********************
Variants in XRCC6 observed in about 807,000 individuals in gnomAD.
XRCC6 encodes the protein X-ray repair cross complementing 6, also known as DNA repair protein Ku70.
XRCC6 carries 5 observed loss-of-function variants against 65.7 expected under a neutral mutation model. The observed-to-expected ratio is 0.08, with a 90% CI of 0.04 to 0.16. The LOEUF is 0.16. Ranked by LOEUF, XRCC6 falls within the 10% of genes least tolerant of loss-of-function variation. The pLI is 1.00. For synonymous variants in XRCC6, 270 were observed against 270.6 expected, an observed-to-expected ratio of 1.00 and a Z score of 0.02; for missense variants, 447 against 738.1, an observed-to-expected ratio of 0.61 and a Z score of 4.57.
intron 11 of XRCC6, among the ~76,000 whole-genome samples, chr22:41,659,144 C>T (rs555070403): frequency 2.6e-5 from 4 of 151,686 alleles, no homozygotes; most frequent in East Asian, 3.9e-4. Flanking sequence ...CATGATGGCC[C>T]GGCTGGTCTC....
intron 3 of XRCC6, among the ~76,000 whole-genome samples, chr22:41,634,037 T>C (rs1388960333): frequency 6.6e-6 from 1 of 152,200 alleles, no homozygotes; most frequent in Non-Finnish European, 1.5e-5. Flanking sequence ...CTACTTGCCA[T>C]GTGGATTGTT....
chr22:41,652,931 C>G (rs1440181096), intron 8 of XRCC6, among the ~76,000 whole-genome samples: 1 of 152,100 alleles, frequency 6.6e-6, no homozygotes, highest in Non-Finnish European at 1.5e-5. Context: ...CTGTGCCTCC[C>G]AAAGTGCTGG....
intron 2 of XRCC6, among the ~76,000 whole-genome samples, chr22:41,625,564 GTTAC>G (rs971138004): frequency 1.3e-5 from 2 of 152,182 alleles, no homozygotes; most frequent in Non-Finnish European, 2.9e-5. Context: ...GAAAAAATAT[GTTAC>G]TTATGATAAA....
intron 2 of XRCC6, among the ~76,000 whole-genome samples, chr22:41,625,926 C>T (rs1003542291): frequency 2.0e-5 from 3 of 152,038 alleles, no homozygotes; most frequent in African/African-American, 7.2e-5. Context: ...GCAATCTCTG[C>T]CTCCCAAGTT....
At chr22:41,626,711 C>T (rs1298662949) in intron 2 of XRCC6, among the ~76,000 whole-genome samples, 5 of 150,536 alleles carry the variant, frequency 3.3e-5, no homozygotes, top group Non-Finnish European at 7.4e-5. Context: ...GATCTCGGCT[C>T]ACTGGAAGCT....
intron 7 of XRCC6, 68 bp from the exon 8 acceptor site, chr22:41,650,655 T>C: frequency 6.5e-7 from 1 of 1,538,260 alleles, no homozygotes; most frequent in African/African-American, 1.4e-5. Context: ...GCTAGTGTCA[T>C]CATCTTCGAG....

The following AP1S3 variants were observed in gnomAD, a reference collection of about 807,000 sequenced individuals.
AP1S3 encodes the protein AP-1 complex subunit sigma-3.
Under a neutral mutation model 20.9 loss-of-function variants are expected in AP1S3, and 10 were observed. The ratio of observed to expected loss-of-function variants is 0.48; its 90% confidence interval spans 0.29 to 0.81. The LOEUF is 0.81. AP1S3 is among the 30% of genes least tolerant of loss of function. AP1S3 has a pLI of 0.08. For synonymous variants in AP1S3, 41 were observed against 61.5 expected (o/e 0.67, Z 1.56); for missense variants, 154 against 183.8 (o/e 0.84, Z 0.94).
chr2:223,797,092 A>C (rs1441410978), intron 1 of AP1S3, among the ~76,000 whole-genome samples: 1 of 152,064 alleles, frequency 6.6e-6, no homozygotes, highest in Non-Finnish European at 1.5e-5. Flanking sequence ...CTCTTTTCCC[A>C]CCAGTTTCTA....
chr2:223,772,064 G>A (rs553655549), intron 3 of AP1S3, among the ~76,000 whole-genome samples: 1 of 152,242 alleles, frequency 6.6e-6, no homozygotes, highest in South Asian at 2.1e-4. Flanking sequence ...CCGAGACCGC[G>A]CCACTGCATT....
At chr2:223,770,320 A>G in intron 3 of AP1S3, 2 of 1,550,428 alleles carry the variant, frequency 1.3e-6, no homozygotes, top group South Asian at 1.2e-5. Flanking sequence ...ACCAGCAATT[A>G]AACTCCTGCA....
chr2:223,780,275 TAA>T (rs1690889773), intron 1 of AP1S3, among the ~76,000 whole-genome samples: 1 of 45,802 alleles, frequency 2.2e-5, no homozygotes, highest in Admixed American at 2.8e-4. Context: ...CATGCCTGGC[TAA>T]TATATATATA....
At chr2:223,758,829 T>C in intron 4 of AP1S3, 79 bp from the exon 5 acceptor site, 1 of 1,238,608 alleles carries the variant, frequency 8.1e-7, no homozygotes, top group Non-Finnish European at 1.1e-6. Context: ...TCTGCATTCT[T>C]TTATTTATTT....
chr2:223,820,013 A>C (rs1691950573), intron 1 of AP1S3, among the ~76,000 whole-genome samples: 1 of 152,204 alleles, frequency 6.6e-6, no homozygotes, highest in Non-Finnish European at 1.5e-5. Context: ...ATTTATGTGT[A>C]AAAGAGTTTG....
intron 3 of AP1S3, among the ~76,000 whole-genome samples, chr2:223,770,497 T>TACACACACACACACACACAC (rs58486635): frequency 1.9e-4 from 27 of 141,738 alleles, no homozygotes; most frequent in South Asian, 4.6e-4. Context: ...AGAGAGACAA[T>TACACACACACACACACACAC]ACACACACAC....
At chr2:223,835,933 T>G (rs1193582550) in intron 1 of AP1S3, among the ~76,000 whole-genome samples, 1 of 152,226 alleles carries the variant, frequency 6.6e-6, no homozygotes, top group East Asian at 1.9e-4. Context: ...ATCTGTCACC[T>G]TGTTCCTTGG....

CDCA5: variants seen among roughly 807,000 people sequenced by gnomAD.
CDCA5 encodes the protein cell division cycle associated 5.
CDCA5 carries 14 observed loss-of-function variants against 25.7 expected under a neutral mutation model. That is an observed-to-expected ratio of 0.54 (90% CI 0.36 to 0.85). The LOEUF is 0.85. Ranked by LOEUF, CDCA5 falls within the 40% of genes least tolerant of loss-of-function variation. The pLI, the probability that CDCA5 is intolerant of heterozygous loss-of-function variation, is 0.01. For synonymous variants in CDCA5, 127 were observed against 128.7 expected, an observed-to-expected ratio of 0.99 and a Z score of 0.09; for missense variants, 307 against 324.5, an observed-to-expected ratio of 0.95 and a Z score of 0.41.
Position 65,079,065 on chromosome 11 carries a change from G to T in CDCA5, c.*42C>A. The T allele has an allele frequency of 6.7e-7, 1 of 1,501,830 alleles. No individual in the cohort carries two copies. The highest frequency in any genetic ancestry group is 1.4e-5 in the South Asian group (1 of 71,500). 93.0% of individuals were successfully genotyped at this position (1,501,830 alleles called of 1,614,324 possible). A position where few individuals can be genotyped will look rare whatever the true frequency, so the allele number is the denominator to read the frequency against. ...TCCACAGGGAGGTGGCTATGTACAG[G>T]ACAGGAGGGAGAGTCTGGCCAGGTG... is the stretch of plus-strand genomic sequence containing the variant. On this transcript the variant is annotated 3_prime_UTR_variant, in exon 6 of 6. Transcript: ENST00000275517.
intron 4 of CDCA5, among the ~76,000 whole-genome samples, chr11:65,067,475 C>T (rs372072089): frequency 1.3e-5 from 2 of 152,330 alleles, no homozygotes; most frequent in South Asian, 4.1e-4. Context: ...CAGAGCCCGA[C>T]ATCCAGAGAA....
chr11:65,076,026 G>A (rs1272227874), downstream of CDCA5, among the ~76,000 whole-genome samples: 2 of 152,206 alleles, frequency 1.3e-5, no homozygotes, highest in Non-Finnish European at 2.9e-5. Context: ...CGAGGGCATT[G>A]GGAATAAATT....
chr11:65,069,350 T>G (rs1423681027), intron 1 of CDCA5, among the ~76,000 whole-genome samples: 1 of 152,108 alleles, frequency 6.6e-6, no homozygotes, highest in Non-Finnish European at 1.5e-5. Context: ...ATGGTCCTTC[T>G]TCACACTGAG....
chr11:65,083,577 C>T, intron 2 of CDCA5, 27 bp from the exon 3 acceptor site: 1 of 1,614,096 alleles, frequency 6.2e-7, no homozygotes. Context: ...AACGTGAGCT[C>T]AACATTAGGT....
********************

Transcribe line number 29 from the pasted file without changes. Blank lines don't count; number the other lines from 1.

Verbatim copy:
chr11:65,083,577 C>T, intron 2 of CDCA5, 27 bp from the exon 3 acceptor site: 1 of 1,614,096 alleles, frequency 6.2e-7, no homozygotes. Context: ...AACGTGAGCT[C>T]AACATTAGGT....